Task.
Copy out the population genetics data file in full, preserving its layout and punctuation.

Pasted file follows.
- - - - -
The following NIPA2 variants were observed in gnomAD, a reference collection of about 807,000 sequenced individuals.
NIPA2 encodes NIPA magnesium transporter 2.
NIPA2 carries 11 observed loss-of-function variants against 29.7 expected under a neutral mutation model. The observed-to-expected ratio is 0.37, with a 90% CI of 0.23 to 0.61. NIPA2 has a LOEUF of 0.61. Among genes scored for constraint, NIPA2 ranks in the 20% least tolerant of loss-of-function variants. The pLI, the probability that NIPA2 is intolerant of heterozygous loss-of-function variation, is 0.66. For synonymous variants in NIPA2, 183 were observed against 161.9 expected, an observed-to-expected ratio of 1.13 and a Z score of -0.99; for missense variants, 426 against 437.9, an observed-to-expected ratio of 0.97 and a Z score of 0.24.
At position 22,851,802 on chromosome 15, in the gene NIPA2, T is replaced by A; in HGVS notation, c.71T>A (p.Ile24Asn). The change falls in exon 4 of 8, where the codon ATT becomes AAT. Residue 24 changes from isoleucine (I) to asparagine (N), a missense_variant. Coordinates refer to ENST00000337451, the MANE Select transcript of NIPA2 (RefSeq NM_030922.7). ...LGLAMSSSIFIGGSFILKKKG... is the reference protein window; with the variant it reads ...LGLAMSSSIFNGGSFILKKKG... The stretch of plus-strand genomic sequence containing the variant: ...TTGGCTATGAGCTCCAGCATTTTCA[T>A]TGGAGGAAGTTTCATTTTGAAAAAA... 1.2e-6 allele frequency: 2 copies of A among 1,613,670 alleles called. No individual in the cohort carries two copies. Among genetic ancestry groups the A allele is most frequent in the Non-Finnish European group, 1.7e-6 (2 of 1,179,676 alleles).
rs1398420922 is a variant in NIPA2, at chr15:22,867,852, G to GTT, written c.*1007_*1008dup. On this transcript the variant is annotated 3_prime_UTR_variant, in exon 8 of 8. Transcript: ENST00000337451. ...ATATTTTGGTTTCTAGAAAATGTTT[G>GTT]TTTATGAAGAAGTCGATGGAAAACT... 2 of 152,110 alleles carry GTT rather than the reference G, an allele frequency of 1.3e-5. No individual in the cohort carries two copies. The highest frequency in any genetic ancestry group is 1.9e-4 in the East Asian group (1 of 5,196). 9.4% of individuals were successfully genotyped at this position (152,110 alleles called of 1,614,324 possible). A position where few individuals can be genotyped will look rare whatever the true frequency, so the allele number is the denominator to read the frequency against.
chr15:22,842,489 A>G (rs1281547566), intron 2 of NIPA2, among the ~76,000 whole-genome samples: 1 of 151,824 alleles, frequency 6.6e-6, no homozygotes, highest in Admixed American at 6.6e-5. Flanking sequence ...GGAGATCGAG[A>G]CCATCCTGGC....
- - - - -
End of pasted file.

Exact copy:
The following NIPA2 variants were observed in gnomAD, a reference collection of about 807,000 sequenced individuals.
NIPA2 encodes NIPA magnesium transporter 2.
NIPA2 carries 11 observed loss-of-function variants against 29.7 expected under a neutral mutation model. The observed-to-expected ratio is 0.37, with a 90% CI of 0.23 to 0.61. NIPA2 has a LOEUF of 0.61. Among genes scored for constraint, NIPA2 ranks in the 20% least tolerant of loss-of-function variants. The pLI, the probability that NIPA2 is intolerant of heterozygous loss-of-function variation, is 0.66. For synonymous variants in NIPA2, 183 were observed against 161.9 expected, an observed-to-expected ratio of 1.13 and a Z score of -0.99; for missense variants, 426 against 437.9, an observed-to-expected ratio of 0.97 and a Z score of 0.24.
At position 22,851,802 on chromosome 15, in the gene NIPA2, T is replaced by A; in HGVS notation, c.71T>A (p.Ile24Asn). The change falls in exon 4 of 8, where the codon ATT becomes AAT. Residue 24 changes from isoleucine (I) to asparagine (N), a missense_variant. Coordinates refer to ENST00000337451, the MANE Select transcript of NIPA2 (RefSeq NM_030922.7). ...LGLAMSSSIFIGGSFILKKKG... is the reference protein window; with the variant it reads ...LGLAMSSSIFNGGSFILKKKG... The stretch of plus-strand genomic sequence containing the variant: ...TTGGCTATGAGCTCCAGCATTTTCA[T>A]TGGAGGAAGTTTCATTTTGAAAAAA... 1.2e-6 allele frequency: 2 copies of A among 1,613,670 alleles called. No individual in the cohort carries two copies. Among genetic ancestry groups the A allele is most frequent in the Non-Finnish European group, 1.7e-6 (2 of 1,179,676 alleles).
rs1398420922 is a variant in NIPA2, at chr15:22,867,852, G to GTT, written c.*1007_*1008dup. On this transcript the variant is annotated 3_prime_UTR_variant, in exon 8 of 8. Transcript: ENST00000337451. ...ATATTTTGGTTTCTAGAAAATGTTT[G>GTT]TTTATGAAGAAGTCGATGGAAAACT... 2 of 152,110 alleles carry GTT rather than the reference G, an allele frequency of 1.3e-5. No individual in the cohort carries two copies. The highest frequency in any genetic ancestry group is 1.9e-4 in the East Asian group (1 of 5,196). 9.4% of individuals were successfully genotyped at this position (152,110 alleles called of 1,614,324 possible). A position where few individuals can be genotyped will look rare whatever the true frequency, so the allele number is the denominator to read the frequency against.
chr15:22,842,489 A>G (rs1281547566), intron 2 of NIPA2, among the ~76,000 whole-genome samples: 1 of 151,824 alleles, frequency 6.6e-6, no homozygotes, highest in Admixed American at 6.6e-5. Flanking sequence ...GGAGATCGAG[A>G]CCATCCTGGC....